In any case, the shift that occurred across the divide of 1926-1927 did register itself in Lewis's writing in points of style and general approach, but still more decisively in the relation of Lewis's literary works to the surrounding social and discursive context. In particular, Lewis sought to engage as fully as possible the political, personal, and commercial vectors of his works, understanding such "contextual" points of reference as not merely contingent to the work's artistic structure and meaning but rather as essential to its artistic design. Paul Edwards argues that Lewis refracts the formal elements of modernism through his distinct, "rhetorical" focus: "The recognizable features of a standard 'Modernist' aesthetic are present . . . but transformed by the inclusion . . . of ideological awareness." Edwards goes on to note that Lewis's reputation has suffered for this ideological concern: "One reason for the lack of recognition of Lewis's Modernist aesthetic is that the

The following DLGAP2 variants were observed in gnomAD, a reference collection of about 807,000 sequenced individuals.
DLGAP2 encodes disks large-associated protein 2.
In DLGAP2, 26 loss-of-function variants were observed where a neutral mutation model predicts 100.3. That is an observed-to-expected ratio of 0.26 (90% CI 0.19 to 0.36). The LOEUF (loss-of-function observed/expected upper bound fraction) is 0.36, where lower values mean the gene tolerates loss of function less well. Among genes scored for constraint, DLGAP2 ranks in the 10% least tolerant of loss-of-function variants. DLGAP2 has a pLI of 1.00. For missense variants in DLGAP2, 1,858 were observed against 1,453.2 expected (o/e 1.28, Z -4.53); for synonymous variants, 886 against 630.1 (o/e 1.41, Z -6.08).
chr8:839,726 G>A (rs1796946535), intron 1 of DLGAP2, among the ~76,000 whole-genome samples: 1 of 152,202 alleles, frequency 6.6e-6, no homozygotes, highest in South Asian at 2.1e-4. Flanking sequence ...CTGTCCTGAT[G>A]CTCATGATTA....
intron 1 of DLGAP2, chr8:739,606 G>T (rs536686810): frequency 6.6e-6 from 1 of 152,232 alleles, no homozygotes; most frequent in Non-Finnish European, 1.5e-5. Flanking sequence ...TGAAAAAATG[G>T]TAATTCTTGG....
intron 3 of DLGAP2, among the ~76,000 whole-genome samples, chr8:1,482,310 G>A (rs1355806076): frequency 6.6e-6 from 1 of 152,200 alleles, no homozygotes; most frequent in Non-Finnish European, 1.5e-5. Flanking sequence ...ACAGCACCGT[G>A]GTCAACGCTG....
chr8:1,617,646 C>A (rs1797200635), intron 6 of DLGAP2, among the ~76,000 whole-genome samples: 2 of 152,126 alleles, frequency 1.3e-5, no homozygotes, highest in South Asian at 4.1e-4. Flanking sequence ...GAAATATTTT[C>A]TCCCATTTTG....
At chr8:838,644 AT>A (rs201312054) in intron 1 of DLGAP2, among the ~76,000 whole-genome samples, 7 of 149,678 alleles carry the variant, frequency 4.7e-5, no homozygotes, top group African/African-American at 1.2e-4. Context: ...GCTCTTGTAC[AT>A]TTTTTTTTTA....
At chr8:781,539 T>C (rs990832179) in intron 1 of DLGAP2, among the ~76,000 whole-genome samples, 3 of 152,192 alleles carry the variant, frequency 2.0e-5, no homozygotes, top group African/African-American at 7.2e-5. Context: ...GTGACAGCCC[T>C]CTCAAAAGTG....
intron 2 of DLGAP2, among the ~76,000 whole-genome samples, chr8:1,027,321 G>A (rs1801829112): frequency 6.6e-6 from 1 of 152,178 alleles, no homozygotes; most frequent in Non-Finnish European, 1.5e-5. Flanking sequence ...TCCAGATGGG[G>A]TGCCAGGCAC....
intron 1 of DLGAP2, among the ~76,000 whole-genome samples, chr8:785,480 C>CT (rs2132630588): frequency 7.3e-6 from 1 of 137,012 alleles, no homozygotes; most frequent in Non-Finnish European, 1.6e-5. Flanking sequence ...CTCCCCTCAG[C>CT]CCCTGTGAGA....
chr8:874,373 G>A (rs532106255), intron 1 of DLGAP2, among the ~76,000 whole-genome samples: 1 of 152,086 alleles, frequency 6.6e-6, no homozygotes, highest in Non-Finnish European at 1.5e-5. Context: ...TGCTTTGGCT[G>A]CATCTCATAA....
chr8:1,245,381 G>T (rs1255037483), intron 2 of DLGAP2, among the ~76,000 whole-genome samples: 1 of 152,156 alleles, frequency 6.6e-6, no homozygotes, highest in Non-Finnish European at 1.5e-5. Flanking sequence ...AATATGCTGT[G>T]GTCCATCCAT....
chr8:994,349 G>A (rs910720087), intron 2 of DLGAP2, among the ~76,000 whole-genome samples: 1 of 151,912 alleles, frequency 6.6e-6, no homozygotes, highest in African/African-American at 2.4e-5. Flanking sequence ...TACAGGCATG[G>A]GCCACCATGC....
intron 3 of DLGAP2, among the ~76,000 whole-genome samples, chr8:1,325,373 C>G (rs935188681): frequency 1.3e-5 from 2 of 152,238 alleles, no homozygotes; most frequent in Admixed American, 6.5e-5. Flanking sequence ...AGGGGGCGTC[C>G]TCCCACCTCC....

idea of the creation of a work of art as (at least partly) a self-conscious ideological critique of society is one that has a place in Marxist aesthetics, but not, until recently, in the Modernist tradition." One discerns in the development of Lewis's work over the twenties and early thirties a decisive rethinking of the social and political role of the category of form , a category central to the aesthetic ideology of modernism, and his desire to consider form primarily as a rhetorically and politically effective artistic means.